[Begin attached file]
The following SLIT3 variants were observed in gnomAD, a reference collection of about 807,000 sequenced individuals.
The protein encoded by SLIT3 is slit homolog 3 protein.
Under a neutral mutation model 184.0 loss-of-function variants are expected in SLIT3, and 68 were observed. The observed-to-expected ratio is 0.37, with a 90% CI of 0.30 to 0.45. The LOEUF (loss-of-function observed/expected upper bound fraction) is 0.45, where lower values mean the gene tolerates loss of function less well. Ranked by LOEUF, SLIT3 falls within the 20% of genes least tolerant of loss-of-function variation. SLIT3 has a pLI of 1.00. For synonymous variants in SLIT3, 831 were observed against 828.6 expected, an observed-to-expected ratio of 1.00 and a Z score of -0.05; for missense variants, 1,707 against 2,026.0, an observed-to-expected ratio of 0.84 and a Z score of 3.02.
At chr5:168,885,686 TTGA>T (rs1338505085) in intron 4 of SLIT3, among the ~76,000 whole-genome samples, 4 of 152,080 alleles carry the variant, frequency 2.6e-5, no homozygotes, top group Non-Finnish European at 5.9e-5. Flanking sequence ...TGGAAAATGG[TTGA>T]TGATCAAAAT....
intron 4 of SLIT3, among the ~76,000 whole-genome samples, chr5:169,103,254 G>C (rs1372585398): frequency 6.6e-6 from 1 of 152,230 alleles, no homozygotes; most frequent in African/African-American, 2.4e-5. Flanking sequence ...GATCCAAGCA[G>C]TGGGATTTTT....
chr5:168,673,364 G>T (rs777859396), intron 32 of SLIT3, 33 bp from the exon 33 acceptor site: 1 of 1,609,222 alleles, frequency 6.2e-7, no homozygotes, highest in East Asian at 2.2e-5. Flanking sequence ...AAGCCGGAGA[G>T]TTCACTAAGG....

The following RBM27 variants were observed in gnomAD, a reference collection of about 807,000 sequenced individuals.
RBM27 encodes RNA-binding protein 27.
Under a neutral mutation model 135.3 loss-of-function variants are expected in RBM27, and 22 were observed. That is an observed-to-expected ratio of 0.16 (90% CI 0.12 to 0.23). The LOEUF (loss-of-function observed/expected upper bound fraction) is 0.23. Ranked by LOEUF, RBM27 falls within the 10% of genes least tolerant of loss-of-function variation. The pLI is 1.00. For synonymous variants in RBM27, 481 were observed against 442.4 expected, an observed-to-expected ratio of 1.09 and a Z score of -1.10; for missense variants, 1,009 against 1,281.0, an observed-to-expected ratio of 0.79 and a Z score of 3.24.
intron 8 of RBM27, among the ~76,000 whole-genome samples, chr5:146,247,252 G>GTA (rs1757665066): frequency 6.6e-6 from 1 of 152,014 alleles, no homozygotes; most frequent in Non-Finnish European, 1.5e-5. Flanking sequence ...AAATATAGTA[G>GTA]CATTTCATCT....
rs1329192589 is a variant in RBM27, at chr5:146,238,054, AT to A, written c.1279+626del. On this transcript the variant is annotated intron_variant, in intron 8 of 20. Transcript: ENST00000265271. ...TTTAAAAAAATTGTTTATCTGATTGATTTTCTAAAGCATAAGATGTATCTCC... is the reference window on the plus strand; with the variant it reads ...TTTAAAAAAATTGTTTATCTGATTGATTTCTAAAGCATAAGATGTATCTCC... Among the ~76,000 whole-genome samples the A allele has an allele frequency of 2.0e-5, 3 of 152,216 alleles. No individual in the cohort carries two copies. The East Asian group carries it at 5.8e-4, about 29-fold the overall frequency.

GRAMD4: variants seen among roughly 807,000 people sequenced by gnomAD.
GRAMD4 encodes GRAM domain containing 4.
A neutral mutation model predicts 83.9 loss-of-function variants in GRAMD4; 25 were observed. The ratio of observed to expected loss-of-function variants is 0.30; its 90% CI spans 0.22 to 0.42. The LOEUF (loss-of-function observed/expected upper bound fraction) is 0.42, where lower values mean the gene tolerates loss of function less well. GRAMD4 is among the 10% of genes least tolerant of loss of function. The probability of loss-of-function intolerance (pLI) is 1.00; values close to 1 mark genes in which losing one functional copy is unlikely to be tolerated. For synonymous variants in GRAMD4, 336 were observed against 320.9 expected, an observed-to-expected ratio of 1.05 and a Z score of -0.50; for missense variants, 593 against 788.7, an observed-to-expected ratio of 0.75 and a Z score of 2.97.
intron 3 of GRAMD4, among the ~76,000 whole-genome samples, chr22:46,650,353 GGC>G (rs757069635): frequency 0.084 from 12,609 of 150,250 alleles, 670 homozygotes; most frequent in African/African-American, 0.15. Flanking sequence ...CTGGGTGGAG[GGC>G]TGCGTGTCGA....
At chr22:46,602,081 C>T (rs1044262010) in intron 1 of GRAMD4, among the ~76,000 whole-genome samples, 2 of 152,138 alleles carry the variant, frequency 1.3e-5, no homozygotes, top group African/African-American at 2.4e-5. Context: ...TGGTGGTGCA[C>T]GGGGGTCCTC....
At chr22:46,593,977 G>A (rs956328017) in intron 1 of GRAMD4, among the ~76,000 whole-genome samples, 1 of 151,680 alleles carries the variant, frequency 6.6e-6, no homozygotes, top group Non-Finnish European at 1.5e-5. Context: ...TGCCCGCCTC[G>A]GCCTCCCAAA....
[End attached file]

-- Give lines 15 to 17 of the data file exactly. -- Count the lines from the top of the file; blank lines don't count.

intron 3 of GRAMD4, among the ~76,000 whole-genome samples, chr22:46,650,353 GGC>G (rs757069635): frequency 0.084 from 12,609 of 150,250 alleles, 670 homozygotes; most frequent in African/African-American, 0.15. Flanking sequence ...CTGGGTGGAG[GGC>G]TGCGTGTCGA....
At chr22:46,602,081 C>T (rs1044262010) in intron 1 of GRAMD4, among the ~76,000 whole-genome samples, 2 of 152,138 alleles carry the variant, frequency 1.3e-5, no homozygotes, top group African/African-American at 2.4e-5. Context: ...TGGTGGTGCA[C>T]GGGGGTCCTC....
At chr22:46,593,977 G>A (rs956328017) in intron 1 of GRAMD4, among the ~76,000 whole-genome samples, 1 of 151,680 alleles carries the variant, frequency 6.6e-6, no homozygotes, top group Non-Finnish European at 1.5e-5. Context: ...TGCCCGCCTC[G>A]GCCTCCCAAA....